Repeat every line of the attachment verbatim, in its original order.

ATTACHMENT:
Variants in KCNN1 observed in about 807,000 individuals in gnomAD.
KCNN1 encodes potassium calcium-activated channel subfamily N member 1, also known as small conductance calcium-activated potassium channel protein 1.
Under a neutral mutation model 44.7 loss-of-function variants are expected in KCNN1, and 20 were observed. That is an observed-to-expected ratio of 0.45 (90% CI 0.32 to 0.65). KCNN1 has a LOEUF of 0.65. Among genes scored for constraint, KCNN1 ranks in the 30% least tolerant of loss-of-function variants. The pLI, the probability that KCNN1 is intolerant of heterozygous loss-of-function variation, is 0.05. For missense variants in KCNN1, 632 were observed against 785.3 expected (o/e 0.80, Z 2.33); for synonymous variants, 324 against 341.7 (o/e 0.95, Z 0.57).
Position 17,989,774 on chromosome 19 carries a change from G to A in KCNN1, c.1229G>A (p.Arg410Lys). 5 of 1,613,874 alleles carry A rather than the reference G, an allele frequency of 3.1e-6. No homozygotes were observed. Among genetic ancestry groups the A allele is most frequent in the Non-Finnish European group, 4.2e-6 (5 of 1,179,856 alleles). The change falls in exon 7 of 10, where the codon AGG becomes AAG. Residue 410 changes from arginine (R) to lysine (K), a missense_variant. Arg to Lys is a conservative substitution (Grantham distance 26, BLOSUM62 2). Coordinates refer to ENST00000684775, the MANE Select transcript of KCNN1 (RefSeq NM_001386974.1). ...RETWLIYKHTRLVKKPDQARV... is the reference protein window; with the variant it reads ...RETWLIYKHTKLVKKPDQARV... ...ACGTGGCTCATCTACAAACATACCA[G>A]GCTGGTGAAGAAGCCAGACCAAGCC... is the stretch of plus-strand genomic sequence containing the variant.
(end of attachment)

Variants in KCNN1 observed in about 807,000 individuals in gnomAD.
KCNN1 encodes potassium calcium-activated channel subfamily N member 1, also known as small conductance calcium-activated potassium channel protein 1.
Under a neutral mutation model 44.7 loss-of-function variants are expected in KCNN1, and 20 were observed. That is an observed-to-expected ratio of 0.45 (90% CI 0.32 to 0.65). KCNN1 has a LOEUF of 0.65. Among genes scored for constraint, KCNN1 ranks in the 30% least tolerant of loss-of-function variants. The pLI, the probability that KCNN1 is intolerant of heterozygous loss-of-function variation, is 0.05. For missense variants in KCNN1, 632 were observed against 785.3 expected (o/e 0.80, Z 2.33); for synonymous variants, 324 against 341.7 (o/e 0.95, Z 0.57).
Position 17,989,774 on chromosome 19 carries a change from G to A in KCNN1, c.1229G>A (p.Arg410Lys). 5 of 1,613,874 alleles carry A rather than the reference G, an allele frequency of 3.1e-6. No homozygotes were observed. Among genetic ancestry groups the A allele is most frequent in the Non-Finnish European group, 4.2e-6 (5 of 1,179,856 alleles). The change falls in exon 7 of 10, where the codon AGG becomes AAG. Residue 410 changes from arginine (R) to lysine (K), a missense_variant. Arg to Lys is a conservative substitution (Grantham distance 26, BLOSUM62 2). Coordinates refer to ENST00000684775, the MANE Select transcript of KCNN1 (RefSeq NM_001386974.1). ...RETWLIYKHTRLVKKPDQARV... is the reference protein window; with the variant it reads ...RETWLIYKHTKLVKKPDQARV... ...ACGTGGCTCATCTACAAACATACCA[G>A]GCTGGTGAAGAAGCCAGACCAAGCC... is the stretch of plus-strand genomic sequence containing the variant.